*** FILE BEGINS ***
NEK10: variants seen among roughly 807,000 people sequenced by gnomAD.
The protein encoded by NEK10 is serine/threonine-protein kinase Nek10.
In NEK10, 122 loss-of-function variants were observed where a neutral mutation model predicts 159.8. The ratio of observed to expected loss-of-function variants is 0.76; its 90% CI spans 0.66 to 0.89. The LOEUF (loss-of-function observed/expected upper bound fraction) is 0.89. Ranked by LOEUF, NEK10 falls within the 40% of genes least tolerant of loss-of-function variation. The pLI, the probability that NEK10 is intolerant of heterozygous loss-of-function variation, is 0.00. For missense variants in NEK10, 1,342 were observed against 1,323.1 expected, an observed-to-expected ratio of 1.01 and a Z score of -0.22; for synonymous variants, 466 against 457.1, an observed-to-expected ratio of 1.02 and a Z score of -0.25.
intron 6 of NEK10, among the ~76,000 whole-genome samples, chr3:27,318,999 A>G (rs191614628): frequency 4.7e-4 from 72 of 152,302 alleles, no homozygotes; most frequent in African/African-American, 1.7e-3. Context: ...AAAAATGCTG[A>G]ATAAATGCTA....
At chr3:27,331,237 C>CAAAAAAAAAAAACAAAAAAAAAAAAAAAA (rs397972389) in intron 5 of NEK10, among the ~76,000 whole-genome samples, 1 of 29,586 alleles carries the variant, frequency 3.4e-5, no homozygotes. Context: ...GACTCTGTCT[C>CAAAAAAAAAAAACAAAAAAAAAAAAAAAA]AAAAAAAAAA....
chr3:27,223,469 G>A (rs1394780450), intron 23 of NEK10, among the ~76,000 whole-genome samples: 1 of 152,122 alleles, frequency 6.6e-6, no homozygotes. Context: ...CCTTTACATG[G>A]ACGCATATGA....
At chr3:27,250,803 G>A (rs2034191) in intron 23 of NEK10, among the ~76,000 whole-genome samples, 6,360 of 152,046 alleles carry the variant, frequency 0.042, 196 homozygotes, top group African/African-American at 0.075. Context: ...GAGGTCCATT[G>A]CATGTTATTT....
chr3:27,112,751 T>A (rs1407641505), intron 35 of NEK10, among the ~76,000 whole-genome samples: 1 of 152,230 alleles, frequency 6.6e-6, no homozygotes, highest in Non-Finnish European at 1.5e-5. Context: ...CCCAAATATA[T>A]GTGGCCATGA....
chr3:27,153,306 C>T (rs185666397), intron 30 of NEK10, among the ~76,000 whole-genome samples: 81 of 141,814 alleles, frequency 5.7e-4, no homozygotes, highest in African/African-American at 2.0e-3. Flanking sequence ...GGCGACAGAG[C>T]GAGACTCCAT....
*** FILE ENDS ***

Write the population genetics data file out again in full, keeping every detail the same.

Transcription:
NEK10: variants seen among roughly 807,000 people sequenced by gnomAD.
The protein encoded by NEK10 is serine/threonine-protein kinase Nek10.
In NEK10, 122 loss-of-function variants were observed where a neutral mutation model predicts 159.8. The ratio of observed to expected loss-of-function variants is 0.76; its 90% CI spans 0.66 to 0.89. The LOEUF (loss-of-function observed/expected upper bound fraction) is 0.89. Ranked by LOEUF, NEK10 falls within the 40% of genes least tolerant of loss-of-function variation. The pLI, the probability that NEK10 is intolerant of heterozygous loss-of-function variation, is 0.00. For missense variants in NEK10, 1,342 were observed against 1,323.1 expected, an observed-to-expected ratio of 1.01 and a Z score of -0.22; for synonymous variants, 466 against 457.1, an observed-to-expected ratio of 1.02 and a Z score of -0.25.
intron 6 of NEK10, among the ~76,000 whole-genome samples, chr3:27,318,999 A>G (rs191614628): frequency 4.7e-4 from 72 of 152,302 alleles, no homozygotes; most frequent in African/African-American, 1.7e-3. Context: ...AAAAATGCTG[A>G]ATAAATGCTA....
At chr3:27,331,237 C>CAAAAAAAAAAAACAAAAAAAAAAAAAAAA (rs397972389) in intron 5 of NEK10, among the ~76,000 whole-genome samples, 1 of 29,586 alleles carries the variant, frequency 3.4e-5, no homozygotes. Context: ...GACTCTGTCT[C>CAAAAAAAAAAAACAAAAAAAAAAAAAAAA]AAAAAAAAAA....
chr3:27,223,469 G>A (rs1394780450), intron 23 of NEK10, among the ~76,000 whole-genome samples: 1 of 152,122 alleles, frequency 6.6e-6, no homozygotes. Context: ...CCTTTACATG[G>A]ACGCATATGA....
At chr3:27,250,803 G>A (rs2034191) in intron 23 of NEK10, among the ~76,000 whole-genome samples, 6,360 of 152,046 alleles carry the variant, frequency 0.042, 196 homozygotes, top group African/African-American at 0.075. Context: ...GAGGTCCATT[G>A]CATGTTATTT....
chr3:27,112,751 T>A (rs1407641505), intron 35 of NEK10, among the ~76,000 whole-genome samples: 1 of 152,230 alleles, frequency 6.6e-6, no homozygotes, highest in Non-Finnish European at 1.5e-5. Context: ...CCCAAATATA[T>A]GTGGCCATGA....
chr3:27,153,306 C>T (rs185666397), intron 30 of NEK10, among the ~76,000 whole-genome samples: 81 of 141,814 alleles, frequency 5.7e-4, no homozygotes, highest in African/African-American at 2.0e-3. Flanking sequence ...GGCGACAGAG[C>T]GAGACTCCAT....